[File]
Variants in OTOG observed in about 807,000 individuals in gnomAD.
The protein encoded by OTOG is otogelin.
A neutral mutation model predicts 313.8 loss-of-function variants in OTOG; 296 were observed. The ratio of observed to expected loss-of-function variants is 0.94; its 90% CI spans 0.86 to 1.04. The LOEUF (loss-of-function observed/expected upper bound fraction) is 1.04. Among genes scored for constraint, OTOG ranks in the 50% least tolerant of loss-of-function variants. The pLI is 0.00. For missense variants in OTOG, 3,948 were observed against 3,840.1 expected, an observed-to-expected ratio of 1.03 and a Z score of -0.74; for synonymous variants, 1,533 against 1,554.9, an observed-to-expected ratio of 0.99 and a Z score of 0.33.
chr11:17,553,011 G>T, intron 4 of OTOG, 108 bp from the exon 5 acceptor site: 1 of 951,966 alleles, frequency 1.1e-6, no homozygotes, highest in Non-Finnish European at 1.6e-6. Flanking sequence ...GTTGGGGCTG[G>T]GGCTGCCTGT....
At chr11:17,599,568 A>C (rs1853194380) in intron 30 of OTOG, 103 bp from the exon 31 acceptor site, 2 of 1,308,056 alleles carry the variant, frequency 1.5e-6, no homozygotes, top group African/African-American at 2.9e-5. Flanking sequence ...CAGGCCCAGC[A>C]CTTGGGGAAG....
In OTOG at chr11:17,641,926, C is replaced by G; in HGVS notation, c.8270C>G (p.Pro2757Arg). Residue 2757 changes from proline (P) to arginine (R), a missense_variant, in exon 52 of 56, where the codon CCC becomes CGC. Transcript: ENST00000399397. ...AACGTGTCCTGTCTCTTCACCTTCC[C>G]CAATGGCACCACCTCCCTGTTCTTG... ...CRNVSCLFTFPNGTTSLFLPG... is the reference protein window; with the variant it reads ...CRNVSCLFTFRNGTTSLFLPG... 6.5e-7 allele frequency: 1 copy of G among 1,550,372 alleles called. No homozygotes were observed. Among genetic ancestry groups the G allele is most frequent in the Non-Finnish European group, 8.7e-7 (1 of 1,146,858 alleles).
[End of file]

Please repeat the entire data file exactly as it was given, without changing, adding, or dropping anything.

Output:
Variants in OTOG observed in about 807,000 individuals in gnomAD.
The protein encoded by OTOG is otogelin.
A neutral mutation model predicts 313.8 loss-of-function variants in OTOG; 296 were observed. The ratio of observed to expected loss-of-function variants is 0.94; its 90% CI spans 0.86 to 1.04. The LOEUF (loss-of-function observed/expected upper bound fraction) is 1.04. Among genes scored for constraint, OTOG ranks in the 50% least tolerant of loss-of-function variants. The pLI is 0.00. For missense variants in OTOG, 3,948 were observed against 3,840.1 expected, an observed-to-expected ratio of 1.03 and a Z score of -0.74; for synonymous variants, 1,533 against 1,554.9, an observed-to-expected ratio of 0.99 and a Z score of 0.33.
chr11:17,553,011 G>T, intron 4 of OTOG, 108 bp from the exon 5 acceptor site: 1 of 951,966 alleles, frequency 1.1e-6, no homozygotes, highest in Non-Finnish European at 1.6e-6. Flanking sequence ...GTTGGGGCTG[G>T]GGCTGCCTGT....
At chr11:17,599,568 A>C (rs1853194380) in intron 30 of OTOG, 103 bp from the exon 31 acceptor site, 2 of 1,308,056 alleles carry the variant, frequency 1.5e-6, no homozygotes, top group African/African-American at 2.9e-5. Flanking sequence ...CAGGCCCAGC[A>C]CTTGGGGAAG....
In OTOG at chr11:17,641,926, C is replaced by G; in HGVS notation, c.8270C>G (p.Pro2757Arg). Residue 2757 changes from proline (P) to arginine (R), a missense_variant, in exon 52 of 56, where the codon CCC becomes CGC. Transcript: ENST00000399397. ...AACGTGTCCTGTCTCTTCACCTTCC[C>G]CAATGGCACCACCTCCCTGTTCTTG... ...CRNVSCLFTFPNGTTSLFLPG... is the reference protein window; with the variant it reads ...CRNVSCLFTFRNGTTSLFLPG... 6.5e-7 allele frequency: 1 copy of G among 1,550,372 alleles called. No homozygotes were observed. Among genetic ancestry groups the G allele is most frequent in the Non-Finnish European group, 8.7e-7 (1 of 1,146,858 alleles).